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The Legal Stuff
BT Currents - Hot Topics in Employment Law

10 Jan The DOL Just Flipped Its Position on Paying Interns

  Late last week, the DOL effectively revamped the standards for unpaid interns, reversing a rule that had been in place since 2010 and giving private, for-profit employers whiplash.   The FLSA does not define “intern.” However, “[a] person whose work serves only his own interest” is not considered to be “an employee of another person who gives him aid and instruction.”  Walling v. Portland Terminal Co., 330 U.S. 148, 152 (1947).   2010 DOL Standard   The DOL upended that long-standing rule in 2010…

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08 Jan Goals for the New Year: Prevent and Better Defend Employment Claims

  As sure as the calendar turns to a new year, there is no doubt that employers will see new employment discrimination charges and employment lawsuits filed.  So now is a good time for a check-up to see if you are well-positioned to minimize the risks of such claims in 2018.  Here are three quick, general pointers:   Clear Expectations. We’ve all seen it, in one form or another – the employee who, when faced with termination, will say: “I didn’t know that could get…

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29 Dec As Predicted, DOL Proposes Changes to Tip Pool Rule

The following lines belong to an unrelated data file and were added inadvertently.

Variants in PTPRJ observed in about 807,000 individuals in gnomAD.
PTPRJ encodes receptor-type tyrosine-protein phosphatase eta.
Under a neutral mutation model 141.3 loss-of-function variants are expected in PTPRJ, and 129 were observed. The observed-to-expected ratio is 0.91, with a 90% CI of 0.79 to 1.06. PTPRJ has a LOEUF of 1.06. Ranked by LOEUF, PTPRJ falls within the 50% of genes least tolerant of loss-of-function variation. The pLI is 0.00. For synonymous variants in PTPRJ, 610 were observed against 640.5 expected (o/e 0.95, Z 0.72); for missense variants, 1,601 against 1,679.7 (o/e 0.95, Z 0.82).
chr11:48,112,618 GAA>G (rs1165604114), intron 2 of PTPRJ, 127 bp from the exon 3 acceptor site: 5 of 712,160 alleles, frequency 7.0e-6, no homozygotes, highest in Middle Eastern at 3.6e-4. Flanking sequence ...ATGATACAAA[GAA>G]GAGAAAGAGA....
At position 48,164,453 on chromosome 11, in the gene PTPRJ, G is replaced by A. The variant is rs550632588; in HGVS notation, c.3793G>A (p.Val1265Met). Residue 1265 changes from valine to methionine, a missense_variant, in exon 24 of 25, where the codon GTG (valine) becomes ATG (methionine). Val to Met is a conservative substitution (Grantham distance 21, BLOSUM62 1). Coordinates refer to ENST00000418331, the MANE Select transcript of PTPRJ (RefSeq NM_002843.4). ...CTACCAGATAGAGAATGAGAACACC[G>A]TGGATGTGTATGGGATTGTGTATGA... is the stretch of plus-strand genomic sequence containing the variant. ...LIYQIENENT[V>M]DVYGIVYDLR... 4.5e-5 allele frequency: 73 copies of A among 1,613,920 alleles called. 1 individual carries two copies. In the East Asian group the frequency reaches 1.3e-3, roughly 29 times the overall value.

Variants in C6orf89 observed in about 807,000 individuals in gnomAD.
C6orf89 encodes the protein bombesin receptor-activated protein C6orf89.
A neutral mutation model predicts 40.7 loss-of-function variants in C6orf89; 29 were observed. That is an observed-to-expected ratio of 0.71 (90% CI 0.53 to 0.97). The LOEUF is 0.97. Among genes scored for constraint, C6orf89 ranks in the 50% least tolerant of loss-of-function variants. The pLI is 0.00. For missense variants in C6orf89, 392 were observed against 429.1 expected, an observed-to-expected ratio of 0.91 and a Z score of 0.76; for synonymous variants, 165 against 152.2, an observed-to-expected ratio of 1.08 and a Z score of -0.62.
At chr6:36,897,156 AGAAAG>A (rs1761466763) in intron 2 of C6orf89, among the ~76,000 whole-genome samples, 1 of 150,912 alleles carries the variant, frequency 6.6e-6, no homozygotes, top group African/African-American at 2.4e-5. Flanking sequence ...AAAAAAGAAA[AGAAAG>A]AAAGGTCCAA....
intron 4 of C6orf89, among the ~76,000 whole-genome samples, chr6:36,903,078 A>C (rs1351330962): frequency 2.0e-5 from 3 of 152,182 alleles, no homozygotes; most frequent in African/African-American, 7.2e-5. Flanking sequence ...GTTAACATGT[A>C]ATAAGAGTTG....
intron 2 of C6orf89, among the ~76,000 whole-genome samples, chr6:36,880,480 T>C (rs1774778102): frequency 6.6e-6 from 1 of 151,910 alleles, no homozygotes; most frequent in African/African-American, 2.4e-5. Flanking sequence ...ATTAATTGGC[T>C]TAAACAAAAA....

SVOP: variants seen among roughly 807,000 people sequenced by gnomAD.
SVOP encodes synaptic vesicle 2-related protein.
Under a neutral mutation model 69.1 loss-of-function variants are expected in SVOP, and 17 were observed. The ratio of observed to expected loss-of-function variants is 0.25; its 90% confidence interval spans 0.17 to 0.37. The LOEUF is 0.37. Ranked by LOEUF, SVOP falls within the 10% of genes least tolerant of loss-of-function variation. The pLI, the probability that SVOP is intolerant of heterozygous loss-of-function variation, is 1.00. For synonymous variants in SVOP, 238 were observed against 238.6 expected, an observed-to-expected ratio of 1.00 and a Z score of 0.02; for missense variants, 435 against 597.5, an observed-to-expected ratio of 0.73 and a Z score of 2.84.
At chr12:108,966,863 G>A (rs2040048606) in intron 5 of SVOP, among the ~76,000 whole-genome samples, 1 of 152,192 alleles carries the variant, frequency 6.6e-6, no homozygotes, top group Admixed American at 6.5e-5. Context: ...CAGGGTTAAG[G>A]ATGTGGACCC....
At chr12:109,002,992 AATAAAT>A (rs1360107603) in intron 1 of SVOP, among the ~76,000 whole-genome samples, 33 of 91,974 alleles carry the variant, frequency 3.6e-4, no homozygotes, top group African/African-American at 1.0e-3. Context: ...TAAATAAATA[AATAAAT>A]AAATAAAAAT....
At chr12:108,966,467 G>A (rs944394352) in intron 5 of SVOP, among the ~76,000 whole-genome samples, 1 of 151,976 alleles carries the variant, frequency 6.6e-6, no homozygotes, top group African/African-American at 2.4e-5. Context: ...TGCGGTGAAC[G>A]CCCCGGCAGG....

As predicted in an earlier post, the U.S. Department of Labor has issued a Notice of Proposed Rulemaking which would alter its 2011 rule on tip pooling.  The 2011 rule prevented employers from requiring tipped employees from sharing their tips with traditionally non-tipped workers.  Under the proposed rule, employers who directly pay tipped employees the full minimum wage may require those employees to pool their tips with traditionally non-tipped employees.   The Fair Labor Standards Act (“FLSA”) generally requires employers to pay employees the minimum…

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29 Dec Asking: “How much do you currently make?” in 2018?

  Not in California.  California law (A.B. 168) is the latest in a batch of state and local laws prohibiting employers from asking job candidates how much they currently or have made.  It takes effect January 1.  Candidates can voluntarily disclose their salary history and in that case the employer can use that information in setting initial compensation.  Employers are also required to provide job candidates with a pay scale for the positon upon request.   New York City’s pay history inquiry ban went into…

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28 Dec Nursing Mothers Protected under Discrimination Laws, says Connecticut Federal Court

  As we’ve recently outlined, the Illinois Nursing Mothers in the Workplace Act and Illinois Human Rights Act mandates that employers must be prepared to accommodate pregnant employees and nursing mothers. A recent ruling in Connecticut federal court should stand as a reminder to employers that Illinois is not the only state where the rights of pregnant employees and nursing mothers are protected.   Jill Grewcock was a nursing mother who sued her employer, Yale-New Haven Health Services Corporation, for sex discrimination and retaliation in…

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